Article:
‘If we can do it, you can do it’: US anti-abortion groups ramp up activities in UK

<span>Photograph: Guy Smallman/Getty Images</span>
Photograph: Guy Smallman/Getty Images

Anti-abortion groups are stepping up efforts to spread US-style abortion politics to the UK, ramping up spending with the ambition of shaking up political life beyond American borders.

Related: Florida, abortion refuge in US south, poised to pass six-week ban

Fresh off their historic victory in bringing about the end of the constitutional right to abortion in the US, these groups are importing familiar tactics, including public protests and demonstrations, anti-abortion counseling centers or so-called “crisis pregnancy centers”, and the cultivation of ties with clerical leaders.

These efforts are meeting significant opposition in Britain, where abortion access is widely supported and generally available up to 24 weeks and parliament recently passed legislation targeting harassment outside clinics. But reproductive rights advocacy groups are warily observing the US movement’s expansion.

“That US Christian right and anti-abortion groups are establishing bases in the UK means that the issue of abortion – and related sexual and reproductive rights – will become increasingly contested in public debate and at a political level, even when there is broad social acceptance for the UK abortion model,” says Neil Datta, executive director of the European Parliamentary Forum for Sexual and Reproductive Health.

“We can expect that the successes they have had in the US in these areas to be adapted to a UK context in the coming years.”

‘If we can do it – you can do it’

“Rethink Abortion Day,” a seminar that took place in February at St Mary’s College Oscott in Birmingham, England, illustrated the cross-border reach of some of the most prominent US-based activist groups.

The event was aimed at motivating dozens of attendees to engage in anti-abortion activism. Fast-paced and interactive presentations urged them to participate in clinic demonstrations. Activists distributed pamphlets with anti-abortion talking points and rebuttals to pro-choice positions and during breakout sessions audience members rehearsed these arguments. Apart from the Catholic entities co-hosting the event – St Mary’s College Oscott is a Catholic seminary – the four groups principally involved in presentations were all UK affiliates of US-based organizations, and some presenters had deep ties to other major groups in America’s Christian nationalist movement.

Long a feature of abortion politics in the US, anti-abortion protests at UK clinics and hospitals have surged in recent years, and the presenters at the Birmingham event can claim much of the credit. They included Ben Thatcher, director of March for Life UK, a spinoff of the US-based March for Life, which draws tens of thousands of participants to Washington DC annually. Another speaker, Dave Brennan, is the director of Brephos, a project of the US-based Center for Bio Ethical Reform (CBR) that aims to help “churches respond to abortion”.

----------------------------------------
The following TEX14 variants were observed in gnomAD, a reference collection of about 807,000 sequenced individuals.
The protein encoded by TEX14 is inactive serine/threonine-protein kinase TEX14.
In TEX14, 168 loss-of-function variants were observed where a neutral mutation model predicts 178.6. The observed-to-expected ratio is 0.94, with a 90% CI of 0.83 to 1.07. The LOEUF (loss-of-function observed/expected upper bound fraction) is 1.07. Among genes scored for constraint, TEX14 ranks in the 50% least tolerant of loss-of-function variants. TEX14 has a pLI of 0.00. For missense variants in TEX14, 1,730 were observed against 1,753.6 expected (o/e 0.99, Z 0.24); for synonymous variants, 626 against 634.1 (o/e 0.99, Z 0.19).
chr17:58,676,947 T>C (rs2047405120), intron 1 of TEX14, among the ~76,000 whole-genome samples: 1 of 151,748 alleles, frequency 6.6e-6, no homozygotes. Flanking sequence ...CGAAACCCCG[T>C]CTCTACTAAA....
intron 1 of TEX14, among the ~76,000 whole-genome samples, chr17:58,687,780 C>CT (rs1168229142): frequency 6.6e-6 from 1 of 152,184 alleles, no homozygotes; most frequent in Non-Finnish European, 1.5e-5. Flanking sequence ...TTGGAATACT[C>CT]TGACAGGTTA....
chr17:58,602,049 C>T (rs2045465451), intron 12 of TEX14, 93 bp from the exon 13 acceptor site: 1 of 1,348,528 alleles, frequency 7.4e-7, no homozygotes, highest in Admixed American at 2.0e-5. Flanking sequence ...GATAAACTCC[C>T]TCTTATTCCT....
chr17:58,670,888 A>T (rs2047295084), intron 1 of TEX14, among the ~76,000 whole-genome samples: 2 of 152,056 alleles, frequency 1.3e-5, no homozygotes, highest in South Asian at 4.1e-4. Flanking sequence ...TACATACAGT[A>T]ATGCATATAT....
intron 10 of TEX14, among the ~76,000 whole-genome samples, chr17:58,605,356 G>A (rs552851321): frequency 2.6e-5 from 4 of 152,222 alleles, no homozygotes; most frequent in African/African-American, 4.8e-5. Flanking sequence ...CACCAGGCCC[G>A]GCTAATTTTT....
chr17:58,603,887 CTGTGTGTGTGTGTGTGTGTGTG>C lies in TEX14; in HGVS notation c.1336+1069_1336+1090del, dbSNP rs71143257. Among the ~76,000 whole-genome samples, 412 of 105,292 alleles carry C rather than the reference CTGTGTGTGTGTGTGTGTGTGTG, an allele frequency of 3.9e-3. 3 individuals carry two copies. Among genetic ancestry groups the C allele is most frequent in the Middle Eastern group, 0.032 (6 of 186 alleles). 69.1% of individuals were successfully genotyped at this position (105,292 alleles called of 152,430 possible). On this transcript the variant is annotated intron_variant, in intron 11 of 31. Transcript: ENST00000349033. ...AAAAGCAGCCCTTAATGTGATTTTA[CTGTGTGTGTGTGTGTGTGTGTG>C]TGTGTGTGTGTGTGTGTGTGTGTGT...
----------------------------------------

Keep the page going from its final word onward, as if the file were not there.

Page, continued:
Anti-abortion activists participate in March for Life rally in Washington, DC in January 2023.
Anti-abortion activists participate in March for Life rally in Washington DC in January 2023. Photograph: Shawn Thew/EPA

“We must acknowledge that we are in spiritual warfare for our souls … and HE [Satan] is determined,” Brennan, who devotes much of his effort to clerical outreach, advised conference-goers.

Isabel Vaughan-Spruce, the first presenter of the day, helps lead the UK division of the US-based 40 Days for Life, a Texas-based group that specializes in training protesters and organizing anti-abortion clinic demonstrations. The group also runs a “university”, an online program where, for $497, users can access training videos on recruiting fellow protesters and performing sidewalk “counseling”, obtain anti-abortion signs and materials, and receive coaching from the 40 Days for Life staff. The group now claims to operate more than 1,000 branches in 65 countries.

40 Days for Life started its UK activities with campaigns in Northern Ireland in 2009, and now boasts at least 15 chapters in the UK. Its leader, Robert Colquhoun, received support for his work when he enrolled in The Leadership Institute’s International School of Fundraising. The Leadership Institute, a Virginia-based organization, offers various forms of training and networking opportunities to rightwing politicians and activists in the US and around the world. In the fiscal year 2019, according to publicly available tax forms, the organization spent $92,494 on “educational seminars” and $25,871 on grantmaking in Europe, along with substantial sums in the Middle East, east Asia, sub-Saharan Africa, Central America and elsewhere.

“We’ve seen a real uptick in protest activity over this year,” Katherine O’Brien, a spokesperson for the non-profit British Pregnancy Advisory Services, told the Guardian. “Our fear with Roe v Wade being overturned is not only has it inspired anti-abortion activists globally, but also that American anti-abortion organizations may have a pool of money they won’t need to spend in the US and it will divert it here and around the world.”

Our fear with Roe v.Wade being overturned is … that American anti-abortion organizations may have a pool of money … it will divert it here and around the world

Katherine O’Brien

The motivations of these groups are clear. At the UK March for Life in September 2022, Sean Carney, the US CEO of 40 Days for Life, stood in front of a banner with the slogan, “Life from Conception, No Exception”, and referenced the overturning of Roe v Wade. “If we can do it,” he told the crowd assembled in London, “you can do it.”

Playing a long game